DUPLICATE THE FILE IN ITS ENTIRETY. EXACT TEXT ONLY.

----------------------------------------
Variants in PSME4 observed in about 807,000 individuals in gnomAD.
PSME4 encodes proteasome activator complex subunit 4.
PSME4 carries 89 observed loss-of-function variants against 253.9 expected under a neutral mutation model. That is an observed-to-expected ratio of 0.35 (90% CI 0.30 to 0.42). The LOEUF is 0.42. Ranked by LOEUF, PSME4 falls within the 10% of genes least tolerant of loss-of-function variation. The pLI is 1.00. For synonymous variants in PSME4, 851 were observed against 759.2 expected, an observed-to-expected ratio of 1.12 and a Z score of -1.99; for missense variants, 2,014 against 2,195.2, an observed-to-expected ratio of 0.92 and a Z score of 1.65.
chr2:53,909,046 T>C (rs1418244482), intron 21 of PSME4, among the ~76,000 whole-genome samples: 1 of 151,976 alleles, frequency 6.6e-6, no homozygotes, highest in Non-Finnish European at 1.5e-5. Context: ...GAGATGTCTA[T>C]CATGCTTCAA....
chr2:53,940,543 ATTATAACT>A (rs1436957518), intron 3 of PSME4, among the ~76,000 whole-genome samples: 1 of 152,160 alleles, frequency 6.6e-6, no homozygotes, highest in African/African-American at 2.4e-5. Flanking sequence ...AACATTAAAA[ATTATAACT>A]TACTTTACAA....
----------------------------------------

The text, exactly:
Variants in PSME4 observed in about 807,000 individuals in gnomAD.
PSME4 encodes proteasome activator complex subunit 4.
PSME4 carries 89 observed loss-of-function variants against 253.9 expected under a neutral mutation model. That is an observed-to-expected ratio of 0.35 (90% CI 0.30 to 0.42). The LOEUF is 0.42. Ranked by LOEUF, PSME4 falls within the 10% of genes least tolerant of loss-of-function variation. The pLI is 1.00. For synonymous variants in PSME4, 851 were observed against 759.2 expected, an observed-to-expected ratio of 1.12 and a Z score of -1.99; for missense variants, 2,014 against 2,195.2, an observed-to-expected ratio of 0.92 and a Z score of 1.65.
chr2:53,909,046 T>C (rs1418244482), intron 21 of PSME4, among the ~76,000 whole-genome samples: 1 of 151,976 alleles, frequency 6.6e-6, no homozygotes, highest in Non-Finnish European at 1.5e-5. Context: ...GAGATGTCTA[T>C]CATGCTTCAA....
chr2:53,940,543 ATTATAACT>A (rs1436957518), intron 3 of PSME4, among the ~76,000 whole-genome samples: 1 of 152,160 alleles, frequency 6.6e-6, no homozygotes, highest in African/African-American at 2.4e-5. Flanking sequence ...AACATTAAAA[ATTATAACT>A]TACTTTACAA....